Navarro’s short book details the lives of J.J. Thomson and his son G.P. Thomson and their seminal discoveries regarding the electron. J.J. discovered the electron and G.P. demonstrated its wave properties by electron diffraction. Both became Nobel laureates for their experimental works. This piece will appeal to anyone with an interest in the history of modern science. The author explores the intellectual development of these two scientists and the roles of research institutions, colleagues and prevalent theories on their scientific progress. This story explains J.J. Thomson’s persistent reliance on ingrained theories of the ether as a continuous medium and a total disregard for the new developments in quantum theory in the history of physics. Unfortunately, the chapters on G.P. Thompson are too brief. The book bridges Maxwell’s work on electromagnetic theory to Bohr’s work on atomic theory, as well as the works of de Broglie and the emergence of quantum mechanics. The cited papers should be read to augment the concise text.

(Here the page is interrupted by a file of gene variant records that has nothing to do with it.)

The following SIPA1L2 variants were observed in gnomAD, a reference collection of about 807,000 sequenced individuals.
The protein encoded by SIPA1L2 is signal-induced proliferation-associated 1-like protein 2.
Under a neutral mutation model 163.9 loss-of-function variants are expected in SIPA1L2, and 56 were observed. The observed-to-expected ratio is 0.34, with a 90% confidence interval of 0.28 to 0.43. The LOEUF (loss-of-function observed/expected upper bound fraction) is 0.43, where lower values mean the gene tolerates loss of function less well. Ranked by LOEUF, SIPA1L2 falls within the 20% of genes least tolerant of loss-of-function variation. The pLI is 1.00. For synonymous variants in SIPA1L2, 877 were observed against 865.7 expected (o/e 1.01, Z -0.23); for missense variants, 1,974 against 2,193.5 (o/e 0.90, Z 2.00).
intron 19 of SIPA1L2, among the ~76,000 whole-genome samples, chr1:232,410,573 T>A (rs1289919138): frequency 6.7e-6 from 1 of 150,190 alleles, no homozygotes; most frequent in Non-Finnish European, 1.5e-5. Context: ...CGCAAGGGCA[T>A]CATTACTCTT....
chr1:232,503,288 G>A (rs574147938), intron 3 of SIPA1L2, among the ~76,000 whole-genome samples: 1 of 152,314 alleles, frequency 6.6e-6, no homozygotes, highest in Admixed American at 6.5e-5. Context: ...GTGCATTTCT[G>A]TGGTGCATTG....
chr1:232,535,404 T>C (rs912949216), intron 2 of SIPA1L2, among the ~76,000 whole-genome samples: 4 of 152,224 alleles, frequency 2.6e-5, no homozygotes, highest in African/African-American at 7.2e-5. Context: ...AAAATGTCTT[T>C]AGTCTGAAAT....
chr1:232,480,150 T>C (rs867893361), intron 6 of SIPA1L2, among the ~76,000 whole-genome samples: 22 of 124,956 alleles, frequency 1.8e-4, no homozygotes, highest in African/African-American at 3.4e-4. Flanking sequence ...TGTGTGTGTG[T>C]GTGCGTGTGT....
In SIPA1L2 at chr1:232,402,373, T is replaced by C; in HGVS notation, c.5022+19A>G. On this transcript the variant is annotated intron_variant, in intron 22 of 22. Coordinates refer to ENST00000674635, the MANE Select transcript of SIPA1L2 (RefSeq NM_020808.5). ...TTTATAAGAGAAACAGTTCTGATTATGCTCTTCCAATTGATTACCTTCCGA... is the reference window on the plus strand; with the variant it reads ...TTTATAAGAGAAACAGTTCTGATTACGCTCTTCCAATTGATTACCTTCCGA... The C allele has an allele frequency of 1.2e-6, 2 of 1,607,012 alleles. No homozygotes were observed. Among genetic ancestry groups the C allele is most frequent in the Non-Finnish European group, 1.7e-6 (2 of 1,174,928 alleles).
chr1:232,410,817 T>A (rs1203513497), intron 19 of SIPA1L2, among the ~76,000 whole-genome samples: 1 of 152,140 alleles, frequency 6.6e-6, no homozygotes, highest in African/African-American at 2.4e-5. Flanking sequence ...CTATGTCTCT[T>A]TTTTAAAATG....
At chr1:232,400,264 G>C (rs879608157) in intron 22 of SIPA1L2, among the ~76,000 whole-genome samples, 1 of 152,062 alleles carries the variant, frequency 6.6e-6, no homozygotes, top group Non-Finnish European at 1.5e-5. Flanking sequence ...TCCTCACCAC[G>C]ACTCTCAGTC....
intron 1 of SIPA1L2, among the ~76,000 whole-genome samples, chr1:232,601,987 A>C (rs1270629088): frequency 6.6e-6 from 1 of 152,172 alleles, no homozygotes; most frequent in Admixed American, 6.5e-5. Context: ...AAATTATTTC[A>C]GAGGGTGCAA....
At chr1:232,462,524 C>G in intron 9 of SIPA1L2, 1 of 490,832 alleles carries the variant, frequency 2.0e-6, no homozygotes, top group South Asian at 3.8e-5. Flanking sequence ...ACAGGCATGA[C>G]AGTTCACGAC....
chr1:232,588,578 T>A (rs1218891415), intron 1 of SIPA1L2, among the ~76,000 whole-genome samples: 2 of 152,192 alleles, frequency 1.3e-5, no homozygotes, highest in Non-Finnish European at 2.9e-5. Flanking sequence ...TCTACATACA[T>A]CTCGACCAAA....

Review by Barry R. Masters, Fellow of AAAS, OSA and SPIE. He is with the department of biological engineering at the Massachusetts Institute of Technology in Cambridge, Mass., U.S.A.
The opinions expressed in the book review section are those of the reviewer and do not necessarily reflect those of OPN or OSA.